Here is an interesting video about a woman with a brain injury. As she recovered some sight, she is first able to see rain since it was moving. She progresses to seeing other kinds of things moving in the world. Movement is so important for some children with CVI!

Blind Woman Who Saw Rain

https://www.youtube.com/watch?v=9ABQ-U6V0tY

 

Perkins School for the Blind CVI Symposium April 7, 2017

Spread the word about this important event! It filled very quickly last year so sign up if you are interested.

CVI Symposium: Best Practices and Current Research presented by experts in CVI

Held at Perkins School for the Blind in Watertown, Massachusetts

Friday, April 7, 2017 8:30 sign-in, presentations 9:00-4:30 

$100.

6.5 ACVREPs, 6.5 PDPs, 6.5 CEs

There will be discussion about current research and best practice related to brain-based visual impairments.

From the website:

Topics and Presenters include: (with more to be confirmed)

  • Visual Processing and the Impact of Damage: What We Know and How We Know

Lotfi Merabet, O.D., Ph.D., MPH

Presenter TBD

  • Collaborative/Coordinate Care – The Importance of an Effective Team

Anne Fulton, Ophthalmologist

Rebecca Davis, parent

Ellen Mazel, Ed., CTVI

  • Literacy and O&M from Phase I to Phase III

Christine Roman-Lantzy, D.

Matt Tietjen, M.Ed., CTVI

Find out more at:

http://www.perkinselearning.org/earn-credits/onsite-training/cvi-best-practices-current-research

I believe this will also be available to watch after the symposium.

Picture Accessibility for Children with CVI

In my work with children, I am often asked about the accessibility of pictures, icons and line drawings as communication systems for children. I especially struggle to be an effective voice around accessibility when my children with CVI look towards pictures but never use central vision to actually “see” and “understand” those pictures. I try to support my opinions with inservice simulations about peripheral looking, as it only provides visual information about general color and general shape. To understand objects, pictures, ions and line drawings, the child must look directly at the image using central vision and shift to the picture’s elements to understand it. At MIT, there are several labs that study various aspects of visual processing. I found this book and ordered it on Amazon for $10. I am finding it so helpful!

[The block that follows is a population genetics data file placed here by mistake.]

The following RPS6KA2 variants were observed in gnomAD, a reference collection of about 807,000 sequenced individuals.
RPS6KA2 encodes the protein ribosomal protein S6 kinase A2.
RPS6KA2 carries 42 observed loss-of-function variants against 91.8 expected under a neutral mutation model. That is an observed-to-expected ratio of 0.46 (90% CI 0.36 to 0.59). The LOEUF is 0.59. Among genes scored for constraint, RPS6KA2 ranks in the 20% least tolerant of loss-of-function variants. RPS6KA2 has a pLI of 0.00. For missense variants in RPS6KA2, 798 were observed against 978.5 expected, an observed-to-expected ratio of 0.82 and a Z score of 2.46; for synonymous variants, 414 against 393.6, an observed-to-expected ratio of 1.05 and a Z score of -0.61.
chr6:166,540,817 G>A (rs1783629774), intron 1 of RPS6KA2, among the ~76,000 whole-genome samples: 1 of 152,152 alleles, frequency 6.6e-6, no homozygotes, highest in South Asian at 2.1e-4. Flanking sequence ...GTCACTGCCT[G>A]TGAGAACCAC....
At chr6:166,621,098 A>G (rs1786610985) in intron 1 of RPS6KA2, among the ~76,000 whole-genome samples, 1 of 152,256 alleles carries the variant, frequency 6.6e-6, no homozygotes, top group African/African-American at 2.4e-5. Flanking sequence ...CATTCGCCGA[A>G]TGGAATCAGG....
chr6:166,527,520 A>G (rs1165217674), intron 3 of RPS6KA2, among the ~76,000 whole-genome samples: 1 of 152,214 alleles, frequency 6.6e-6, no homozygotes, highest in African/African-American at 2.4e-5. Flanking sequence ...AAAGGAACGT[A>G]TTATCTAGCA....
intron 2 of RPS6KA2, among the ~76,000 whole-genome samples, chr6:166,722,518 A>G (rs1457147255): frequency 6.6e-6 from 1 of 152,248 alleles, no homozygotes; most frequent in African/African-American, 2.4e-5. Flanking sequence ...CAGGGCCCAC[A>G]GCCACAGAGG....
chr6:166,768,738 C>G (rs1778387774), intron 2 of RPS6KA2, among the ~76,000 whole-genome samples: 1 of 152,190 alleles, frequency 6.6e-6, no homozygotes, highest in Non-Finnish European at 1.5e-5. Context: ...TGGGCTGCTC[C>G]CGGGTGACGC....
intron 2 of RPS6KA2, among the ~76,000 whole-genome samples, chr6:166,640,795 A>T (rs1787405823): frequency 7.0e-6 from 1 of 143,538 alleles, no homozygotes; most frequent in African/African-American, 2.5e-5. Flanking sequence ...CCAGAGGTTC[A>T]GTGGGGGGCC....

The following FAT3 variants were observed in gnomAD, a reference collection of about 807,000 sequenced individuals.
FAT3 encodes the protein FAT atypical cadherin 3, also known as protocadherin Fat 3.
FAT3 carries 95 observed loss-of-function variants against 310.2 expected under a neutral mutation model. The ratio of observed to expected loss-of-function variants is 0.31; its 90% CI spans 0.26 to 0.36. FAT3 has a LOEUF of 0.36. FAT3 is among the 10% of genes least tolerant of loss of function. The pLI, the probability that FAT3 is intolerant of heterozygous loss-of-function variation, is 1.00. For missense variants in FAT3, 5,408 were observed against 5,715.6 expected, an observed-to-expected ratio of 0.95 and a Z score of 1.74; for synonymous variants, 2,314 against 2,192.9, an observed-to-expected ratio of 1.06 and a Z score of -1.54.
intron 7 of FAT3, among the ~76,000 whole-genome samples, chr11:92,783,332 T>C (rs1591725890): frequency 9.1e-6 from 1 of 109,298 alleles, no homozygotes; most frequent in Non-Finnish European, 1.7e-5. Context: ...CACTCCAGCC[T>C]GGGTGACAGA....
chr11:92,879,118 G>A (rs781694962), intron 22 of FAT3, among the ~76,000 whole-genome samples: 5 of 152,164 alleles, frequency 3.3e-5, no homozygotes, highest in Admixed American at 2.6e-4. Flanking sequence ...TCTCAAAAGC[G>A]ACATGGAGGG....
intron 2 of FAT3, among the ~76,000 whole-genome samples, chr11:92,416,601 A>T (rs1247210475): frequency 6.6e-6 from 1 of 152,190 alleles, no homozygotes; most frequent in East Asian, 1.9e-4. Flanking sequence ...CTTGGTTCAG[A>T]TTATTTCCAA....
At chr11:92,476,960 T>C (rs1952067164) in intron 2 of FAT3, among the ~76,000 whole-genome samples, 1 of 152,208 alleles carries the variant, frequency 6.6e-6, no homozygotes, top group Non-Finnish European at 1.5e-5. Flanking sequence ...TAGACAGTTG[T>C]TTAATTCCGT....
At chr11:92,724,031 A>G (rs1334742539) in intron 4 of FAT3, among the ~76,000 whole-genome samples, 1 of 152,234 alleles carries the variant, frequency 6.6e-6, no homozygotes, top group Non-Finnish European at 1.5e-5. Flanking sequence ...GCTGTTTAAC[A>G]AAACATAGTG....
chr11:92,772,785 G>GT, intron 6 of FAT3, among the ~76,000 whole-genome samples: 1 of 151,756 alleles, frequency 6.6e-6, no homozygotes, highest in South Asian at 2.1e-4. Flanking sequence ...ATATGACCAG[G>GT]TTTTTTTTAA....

Looking into Pictures: An Interdisciplinary Approach to Pictorial Space by Heiko Hecht

Offering: Face to Face Perkins School for the Blind CVI Class

Starting January 21st, 2017, I am teaching an onsite CVI class at Perkins School for the Blind. It is a three day workshop. This course focuses on Cortical Visual Impairment (CVI): causes, assessment and strategies for access and improvement of vision for students with CVI.

Classes run three Saturdays from 8:30-4:00 with lunch included:
January 21